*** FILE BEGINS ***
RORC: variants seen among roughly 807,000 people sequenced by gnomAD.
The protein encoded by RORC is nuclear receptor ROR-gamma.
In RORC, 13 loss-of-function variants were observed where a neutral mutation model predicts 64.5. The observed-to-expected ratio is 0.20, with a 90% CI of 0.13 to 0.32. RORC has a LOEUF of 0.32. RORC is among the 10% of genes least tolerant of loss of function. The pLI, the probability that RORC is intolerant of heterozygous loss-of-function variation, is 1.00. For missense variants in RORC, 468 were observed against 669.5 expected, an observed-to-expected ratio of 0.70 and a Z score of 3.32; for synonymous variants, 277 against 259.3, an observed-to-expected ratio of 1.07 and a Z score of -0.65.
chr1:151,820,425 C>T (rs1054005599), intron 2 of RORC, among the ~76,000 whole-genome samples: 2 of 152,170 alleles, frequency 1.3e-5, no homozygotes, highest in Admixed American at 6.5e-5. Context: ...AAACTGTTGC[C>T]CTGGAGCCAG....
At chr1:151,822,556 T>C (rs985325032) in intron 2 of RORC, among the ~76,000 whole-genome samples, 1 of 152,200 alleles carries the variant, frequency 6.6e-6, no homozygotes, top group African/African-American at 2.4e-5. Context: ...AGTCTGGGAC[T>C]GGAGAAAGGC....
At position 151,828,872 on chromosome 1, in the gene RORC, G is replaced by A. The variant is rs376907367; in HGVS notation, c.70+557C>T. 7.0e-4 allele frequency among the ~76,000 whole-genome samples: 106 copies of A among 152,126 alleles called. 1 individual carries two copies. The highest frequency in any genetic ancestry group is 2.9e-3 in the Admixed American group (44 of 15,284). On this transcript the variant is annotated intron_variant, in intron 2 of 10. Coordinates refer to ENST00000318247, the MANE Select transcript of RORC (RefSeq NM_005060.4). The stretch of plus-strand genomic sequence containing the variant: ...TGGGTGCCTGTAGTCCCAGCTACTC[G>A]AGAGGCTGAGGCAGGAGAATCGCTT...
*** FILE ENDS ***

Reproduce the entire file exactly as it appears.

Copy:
RORC: variants seen among roughly 807,000 people sequenced by gnomAD.
The protein encoded by RORC is nuclear receptor ROR-gamma.
In RORC, 13 loss-of-function variants were observed where a neutral mutation model predicts 64.5. The observed-to-expected ratio is 0.20, with a 90% CI of 0.13 to 0.32. RORC has a LOEUF of 0.32. RORC is among the 10% of genes least tolerant of loss of function. The pLI, the probability that RORC is intolerant of heterozygous loss-of-function variation, is 1.00. For missense variants in RORC, 468 were observed against 669.5 expected, an observed-to-expected ratio of 0.70 and a Z score of 3.32; for synonymous variants, 277 against 259.3, an observed-to-expected ratio of 1.07 and a Z score of -0.65.
chr1:151,820,425 C>T (rs1054005599), intron 2 of RORC, among the ~76,000 whole-genome samples: 2 of 152,170 alleles, frequency 1.3e-5, no homozygotes, highest in Admixed American at 6.5e-5. Context: ...AAACTGTTGC[C>T]CTGGAGCCAG....
At chr1:151,822,556 T>C (rs985325032) in intron 2 of RORC, among the ~76,000 whole-genome samples, 1 of 152,200 alleles carries the variant, frequency 6.6e-6, no homozygotes, top group African/African-American at 2.4e-5. Context: ...AGTCTGGGAC[T>C]GGAGAAAGGC....
At position 151,828,872 on chromosome 1, in the gene RORC, G is replaced by A. The variant is rs376907367; in HGVS notation, c.70+557C>T. 7.0e-4 allele frequency among the ~76,000 whole-genome samples: 106 copies of A among 152,126 alleles called. 1 individual carries two copies. The highest frequency in any genetic ancestry group is 2.9e-3 in the Admixed American group (44 of 15,284). On this transcript the variant is annotated intron_variant, in intron 2 of 10. Coordinates refer to ENST00000318247, the MANE Select transcript of RORC (RefSeq NM_005060.4). The stretch of plus-strand genomic sequence containing the variant: ...TGGGTGCCTGTAGTCCCAGCTACTC[G>A]AGAGGCTGAGGCAGGAGAATCGCTT...